Tuesday, January 3, 2012

Orthodox Shock With Holocaust Image

The friction between orthodox and secular Jews concerning public street behavior has hit a new high yesterday. Orthodox Jews, feeling intruded upon and even humiliated by indecently dressed women, took to the streets. But they did it with flair and a symbol deeply disturbing to Israelis and Jews around the world. They used small children dressed as Holocaust death camp survivors straight out of a camp liberation photograph. One Israeli commentator says the images on newspaper front pages and TV news programs look disturbingly similar German soldiers' photos of Warsaw ghetto uprising captured children. Israelis take images of the Holocaust seriously, this is exactly why orthodox protesters use them. Except this time the tactic backfired.

Orthodox communities have been complaining about closeness of women to men in public places, considered a form of temptation to men, therefor disturbing. This, from men (a small minority of ultra Orthodox Jews) who simply see interaction between women and men in public immodest. The friction between orthodox and secular Jews has come to a clash the last two weeks with secular women told to sit in the "back of the bus" in routes mostly serving orthodox neighborhood (with Israelis exaggerating once again and comparing one rider to Rosa Parks in the American civil rights struggle.) Until last week, when orthodox men put up a sign for women to go to the "other side of the street" in Beit Shemesh, a mixed orthodox and secular town just outside Jerusalem (see also a description on the Wikipedia page) spirits were relatively calm. The protest with Holocaust refugees dressed children changed all that.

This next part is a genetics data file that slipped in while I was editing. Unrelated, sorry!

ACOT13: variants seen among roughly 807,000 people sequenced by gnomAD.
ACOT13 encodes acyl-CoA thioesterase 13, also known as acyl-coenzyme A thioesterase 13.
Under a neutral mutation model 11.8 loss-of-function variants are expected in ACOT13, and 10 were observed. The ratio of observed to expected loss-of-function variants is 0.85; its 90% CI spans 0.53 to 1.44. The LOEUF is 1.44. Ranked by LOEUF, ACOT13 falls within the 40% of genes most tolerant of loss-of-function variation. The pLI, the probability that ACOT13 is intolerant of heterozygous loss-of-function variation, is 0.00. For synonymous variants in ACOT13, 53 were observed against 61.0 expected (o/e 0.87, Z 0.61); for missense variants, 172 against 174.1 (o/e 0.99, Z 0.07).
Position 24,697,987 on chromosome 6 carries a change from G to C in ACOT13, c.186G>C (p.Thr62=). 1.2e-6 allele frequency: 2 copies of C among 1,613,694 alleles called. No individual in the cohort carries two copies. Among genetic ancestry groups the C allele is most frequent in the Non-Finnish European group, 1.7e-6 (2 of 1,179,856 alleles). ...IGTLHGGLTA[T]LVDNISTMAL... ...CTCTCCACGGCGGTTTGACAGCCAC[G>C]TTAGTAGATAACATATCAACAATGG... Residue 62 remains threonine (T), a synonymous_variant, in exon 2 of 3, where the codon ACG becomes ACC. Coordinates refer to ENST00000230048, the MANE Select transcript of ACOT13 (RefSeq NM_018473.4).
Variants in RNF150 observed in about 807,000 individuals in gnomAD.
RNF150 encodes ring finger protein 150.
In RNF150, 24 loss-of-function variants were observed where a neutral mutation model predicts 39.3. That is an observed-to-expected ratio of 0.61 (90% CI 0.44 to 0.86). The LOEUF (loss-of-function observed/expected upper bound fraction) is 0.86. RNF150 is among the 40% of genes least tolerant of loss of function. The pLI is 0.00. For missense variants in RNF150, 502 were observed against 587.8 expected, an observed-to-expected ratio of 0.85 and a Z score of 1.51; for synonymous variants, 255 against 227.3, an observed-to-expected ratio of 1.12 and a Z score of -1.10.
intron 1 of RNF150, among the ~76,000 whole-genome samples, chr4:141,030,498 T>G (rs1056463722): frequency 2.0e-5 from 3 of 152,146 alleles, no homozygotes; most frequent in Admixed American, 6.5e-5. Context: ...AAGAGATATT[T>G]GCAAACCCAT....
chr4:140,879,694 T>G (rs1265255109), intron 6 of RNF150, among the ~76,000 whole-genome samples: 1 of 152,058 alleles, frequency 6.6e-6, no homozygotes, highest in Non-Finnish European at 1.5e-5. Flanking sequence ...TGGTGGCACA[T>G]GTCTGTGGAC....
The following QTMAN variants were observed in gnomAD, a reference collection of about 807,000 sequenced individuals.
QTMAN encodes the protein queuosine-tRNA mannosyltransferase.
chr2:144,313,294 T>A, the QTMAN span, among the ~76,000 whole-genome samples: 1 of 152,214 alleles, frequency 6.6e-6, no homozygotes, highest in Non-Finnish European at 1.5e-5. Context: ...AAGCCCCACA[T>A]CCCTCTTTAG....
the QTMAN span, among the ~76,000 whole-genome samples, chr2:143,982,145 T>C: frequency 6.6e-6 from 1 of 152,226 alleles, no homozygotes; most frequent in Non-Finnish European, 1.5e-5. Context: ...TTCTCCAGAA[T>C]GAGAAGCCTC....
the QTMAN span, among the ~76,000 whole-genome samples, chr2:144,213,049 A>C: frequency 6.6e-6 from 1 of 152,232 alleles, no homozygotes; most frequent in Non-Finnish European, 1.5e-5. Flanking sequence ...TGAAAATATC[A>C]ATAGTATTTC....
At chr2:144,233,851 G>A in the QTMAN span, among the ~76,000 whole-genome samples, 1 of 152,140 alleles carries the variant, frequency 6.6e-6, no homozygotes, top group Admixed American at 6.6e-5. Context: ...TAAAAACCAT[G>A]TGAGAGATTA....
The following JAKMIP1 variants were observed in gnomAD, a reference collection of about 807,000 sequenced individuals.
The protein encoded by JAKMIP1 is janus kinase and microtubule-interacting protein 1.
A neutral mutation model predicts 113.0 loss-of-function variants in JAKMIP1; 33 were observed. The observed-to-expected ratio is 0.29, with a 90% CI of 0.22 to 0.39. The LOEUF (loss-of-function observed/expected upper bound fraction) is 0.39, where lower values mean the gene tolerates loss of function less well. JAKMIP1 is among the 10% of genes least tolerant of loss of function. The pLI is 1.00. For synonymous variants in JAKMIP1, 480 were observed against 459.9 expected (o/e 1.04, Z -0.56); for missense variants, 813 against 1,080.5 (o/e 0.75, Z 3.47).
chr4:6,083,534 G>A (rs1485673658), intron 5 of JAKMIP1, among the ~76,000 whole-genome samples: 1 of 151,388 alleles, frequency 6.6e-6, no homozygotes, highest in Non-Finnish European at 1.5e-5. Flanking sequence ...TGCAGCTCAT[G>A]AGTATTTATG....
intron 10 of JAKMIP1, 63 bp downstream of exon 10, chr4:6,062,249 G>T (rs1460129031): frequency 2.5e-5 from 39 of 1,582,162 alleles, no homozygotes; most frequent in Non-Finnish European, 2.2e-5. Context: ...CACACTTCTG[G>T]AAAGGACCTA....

The secular extreme see orthodox Jews gaining power and taking on "Taliban" like values. The idea of separating women, having them covered up and dressed in conservative manner and complete separation of men and women in public is as humiliating as the orthodox feel about women in revealing dress. Yet for most Israelis this is not a common view. The number of orthodox Jews who call for extreme separation of women is very small. Most of the orthodox population lives a modern and integrated life with everyone in the community. The areas where orthodox communities separate themselves from others are small and for the most part are not in any way forcing their behavior on others. The friction between opposing value holders keeps escalating, but it is a small part of the population which cares to be part of this. The call for "anti Taliban" laws disallowing women to be separated in public, like buses and trains, is not a concern of most Israelis. So don't let the international news outlets stir you spirits to blog and tweet for one side or the other. We got bigger worries like cost of energy when the Egyptians stop supplying gas and where is the water going to come for greener cities. Thanks for reading, keep up with the news in Israel and tell your friends to comment (here and everywhere else.)


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